By Stewart M. Patrick for Council of Foreign Relations. Having been frozen for four decades, a long-deferred debate over the “war on drugs” is finally heating up. Ever since the Nixon administration, the dominant paradigm informing U.S. and global policy towards narcotics has been prohibition. That failed approach is now being challenged by a slew of influential reports, path-breaking national policies in the Western Hemisphere, and state-level experiments within the United States. Just how turbulent the debate has become was clear at yesterday’s roundtable on the future of international drug policy, hosted by the Center for Strategic and International Studies. The United States will need to chart a new policy course if it hopes to retain credibility and influence as global attitudes toward drugs continue to evolve.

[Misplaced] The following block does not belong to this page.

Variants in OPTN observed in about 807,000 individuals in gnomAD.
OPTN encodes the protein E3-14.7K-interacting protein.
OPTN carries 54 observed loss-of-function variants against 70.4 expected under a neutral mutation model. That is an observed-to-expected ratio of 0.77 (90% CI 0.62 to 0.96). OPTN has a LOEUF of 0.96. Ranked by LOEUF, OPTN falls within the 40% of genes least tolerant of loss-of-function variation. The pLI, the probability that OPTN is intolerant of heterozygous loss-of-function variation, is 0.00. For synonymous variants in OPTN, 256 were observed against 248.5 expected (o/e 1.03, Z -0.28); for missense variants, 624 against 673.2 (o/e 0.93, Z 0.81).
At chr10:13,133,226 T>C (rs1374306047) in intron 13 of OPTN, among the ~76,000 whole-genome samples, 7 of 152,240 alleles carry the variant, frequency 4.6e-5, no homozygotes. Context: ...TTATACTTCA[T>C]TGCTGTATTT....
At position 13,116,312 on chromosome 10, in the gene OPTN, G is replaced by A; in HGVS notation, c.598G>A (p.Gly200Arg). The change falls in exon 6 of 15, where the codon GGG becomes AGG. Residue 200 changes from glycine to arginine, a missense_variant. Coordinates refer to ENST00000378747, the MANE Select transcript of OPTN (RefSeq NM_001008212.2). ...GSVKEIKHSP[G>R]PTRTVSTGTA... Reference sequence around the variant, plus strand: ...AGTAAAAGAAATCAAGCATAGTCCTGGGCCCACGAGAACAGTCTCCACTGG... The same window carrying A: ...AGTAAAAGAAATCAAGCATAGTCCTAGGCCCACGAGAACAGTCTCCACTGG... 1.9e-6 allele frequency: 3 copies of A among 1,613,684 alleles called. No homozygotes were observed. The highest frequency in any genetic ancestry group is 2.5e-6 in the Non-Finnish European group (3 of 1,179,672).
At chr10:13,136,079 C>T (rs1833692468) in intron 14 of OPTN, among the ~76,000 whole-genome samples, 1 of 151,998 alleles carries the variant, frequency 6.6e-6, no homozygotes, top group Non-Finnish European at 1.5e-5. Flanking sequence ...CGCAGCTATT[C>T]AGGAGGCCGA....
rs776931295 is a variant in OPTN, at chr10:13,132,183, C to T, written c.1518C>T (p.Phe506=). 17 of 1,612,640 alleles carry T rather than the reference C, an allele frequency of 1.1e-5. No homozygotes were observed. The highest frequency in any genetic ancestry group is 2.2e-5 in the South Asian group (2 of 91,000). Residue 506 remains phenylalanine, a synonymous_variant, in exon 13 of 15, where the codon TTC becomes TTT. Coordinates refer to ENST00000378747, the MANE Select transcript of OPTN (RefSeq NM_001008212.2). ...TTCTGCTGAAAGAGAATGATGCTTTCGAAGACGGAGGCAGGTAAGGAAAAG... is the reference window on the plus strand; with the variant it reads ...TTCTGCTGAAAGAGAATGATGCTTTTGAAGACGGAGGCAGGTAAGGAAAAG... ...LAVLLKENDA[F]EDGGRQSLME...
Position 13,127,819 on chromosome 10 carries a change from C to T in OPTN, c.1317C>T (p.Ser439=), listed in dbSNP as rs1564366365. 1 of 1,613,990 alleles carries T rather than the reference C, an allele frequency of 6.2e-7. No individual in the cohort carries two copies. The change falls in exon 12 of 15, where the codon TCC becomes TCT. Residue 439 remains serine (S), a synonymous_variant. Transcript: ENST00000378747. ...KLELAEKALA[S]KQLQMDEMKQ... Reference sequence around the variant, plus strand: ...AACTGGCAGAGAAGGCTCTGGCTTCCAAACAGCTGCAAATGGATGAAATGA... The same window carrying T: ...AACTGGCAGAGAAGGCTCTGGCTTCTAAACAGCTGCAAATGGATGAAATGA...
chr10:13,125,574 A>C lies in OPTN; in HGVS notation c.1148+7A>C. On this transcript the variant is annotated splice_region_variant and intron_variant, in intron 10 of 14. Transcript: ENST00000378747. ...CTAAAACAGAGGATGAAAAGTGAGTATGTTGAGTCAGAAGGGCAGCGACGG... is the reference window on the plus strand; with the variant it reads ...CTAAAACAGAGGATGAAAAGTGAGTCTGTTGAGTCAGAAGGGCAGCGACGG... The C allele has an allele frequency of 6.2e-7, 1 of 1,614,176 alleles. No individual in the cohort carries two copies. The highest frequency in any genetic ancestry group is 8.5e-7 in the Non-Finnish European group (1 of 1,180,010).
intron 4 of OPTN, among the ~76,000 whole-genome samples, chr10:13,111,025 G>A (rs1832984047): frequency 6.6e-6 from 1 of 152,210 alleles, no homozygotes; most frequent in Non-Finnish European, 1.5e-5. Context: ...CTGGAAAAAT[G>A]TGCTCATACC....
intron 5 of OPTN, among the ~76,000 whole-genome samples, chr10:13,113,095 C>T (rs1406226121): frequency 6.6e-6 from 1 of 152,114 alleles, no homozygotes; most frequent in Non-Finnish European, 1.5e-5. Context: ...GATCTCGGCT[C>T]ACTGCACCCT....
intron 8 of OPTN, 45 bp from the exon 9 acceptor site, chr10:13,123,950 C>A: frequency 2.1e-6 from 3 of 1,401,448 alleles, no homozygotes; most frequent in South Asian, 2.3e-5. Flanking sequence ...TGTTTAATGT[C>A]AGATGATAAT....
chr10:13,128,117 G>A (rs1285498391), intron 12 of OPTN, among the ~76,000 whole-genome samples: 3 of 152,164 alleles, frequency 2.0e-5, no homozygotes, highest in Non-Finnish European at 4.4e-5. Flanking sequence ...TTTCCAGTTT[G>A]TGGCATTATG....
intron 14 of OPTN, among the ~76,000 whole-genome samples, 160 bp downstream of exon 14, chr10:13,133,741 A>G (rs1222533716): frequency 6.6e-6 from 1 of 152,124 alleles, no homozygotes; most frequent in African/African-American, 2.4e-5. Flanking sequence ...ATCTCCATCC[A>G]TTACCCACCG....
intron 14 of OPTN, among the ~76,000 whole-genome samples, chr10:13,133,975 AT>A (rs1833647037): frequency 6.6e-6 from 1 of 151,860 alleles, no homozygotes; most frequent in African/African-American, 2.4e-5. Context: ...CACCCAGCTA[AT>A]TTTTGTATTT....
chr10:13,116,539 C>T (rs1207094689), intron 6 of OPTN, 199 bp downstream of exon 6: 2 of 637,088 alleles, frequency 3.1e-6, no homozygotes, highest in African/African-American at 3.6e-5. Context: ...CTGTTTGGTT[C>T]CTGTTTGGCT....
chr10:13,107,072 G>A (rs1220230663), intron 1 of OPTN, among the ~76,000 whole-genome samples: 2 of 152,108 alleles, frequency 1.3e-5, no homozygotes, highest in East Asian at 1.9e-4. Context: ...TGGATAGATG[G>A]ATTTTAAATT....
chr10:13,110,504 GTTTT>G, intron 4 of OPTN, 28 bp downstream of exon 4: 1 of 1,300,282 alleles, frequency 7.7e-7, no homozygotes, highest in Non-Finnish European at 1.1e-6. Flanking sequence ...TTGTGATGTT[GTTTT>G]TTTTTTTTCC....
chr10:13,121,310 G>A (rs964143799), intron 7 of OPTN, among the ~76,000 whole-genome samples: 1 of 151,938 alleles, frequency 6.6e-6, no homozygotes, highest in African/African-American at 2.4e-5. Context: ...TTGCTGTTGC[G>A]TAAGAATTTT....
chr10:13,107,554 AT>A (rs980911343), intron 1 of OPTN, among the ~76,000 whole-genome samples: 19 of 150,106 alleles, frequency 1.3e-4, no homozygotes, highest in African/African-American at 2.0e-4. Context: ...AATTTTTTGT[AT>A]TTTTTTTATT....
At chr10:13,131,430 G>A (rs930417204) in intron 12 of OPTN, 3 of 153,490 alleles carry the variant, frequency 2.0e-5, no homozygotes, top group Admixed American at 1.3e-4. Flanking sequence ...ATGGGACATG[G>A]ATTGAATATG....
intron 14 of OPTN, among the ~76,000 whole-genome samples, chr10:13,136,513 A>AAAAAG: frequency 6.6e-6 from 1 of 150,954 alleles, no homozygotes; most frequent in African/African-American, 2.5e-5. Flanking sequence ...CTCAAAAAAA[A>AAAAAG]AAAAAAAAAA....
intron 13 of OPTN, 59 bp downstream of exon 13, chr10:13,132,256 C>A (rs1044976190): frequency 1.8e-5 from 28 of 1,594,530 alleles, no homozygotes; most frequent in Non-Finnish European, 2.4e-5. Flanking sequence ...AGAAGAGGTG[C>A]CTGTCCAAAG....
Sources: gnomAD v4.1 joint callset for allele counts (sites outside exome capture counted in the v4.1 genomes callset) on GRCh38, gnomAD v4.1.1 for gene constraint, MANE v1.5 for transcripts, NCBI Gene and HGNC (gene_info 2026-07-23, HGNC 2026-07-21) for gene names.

The U.S. law enforcement approach has focused on attacking sources of supply, interdicting shipments of drugs and incarcerating dealers. It has also targeted demand, imprisoning and fining addicts and casual users. And yet these repressive efforts have made little dent in the global drug trade. By artificially inflating profits, prohibition has only incentivized criminal activity. Traffickers have successfully shifted production sites and transit routes in response to crackdowns. Criminality, corruption and violence have destabilized vulnerable governments. Prison populations have swollen with addicts and casual users.  And yet drugs are cheaper and more available than ever before.

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Photo: Jorge Duenes/Reuters


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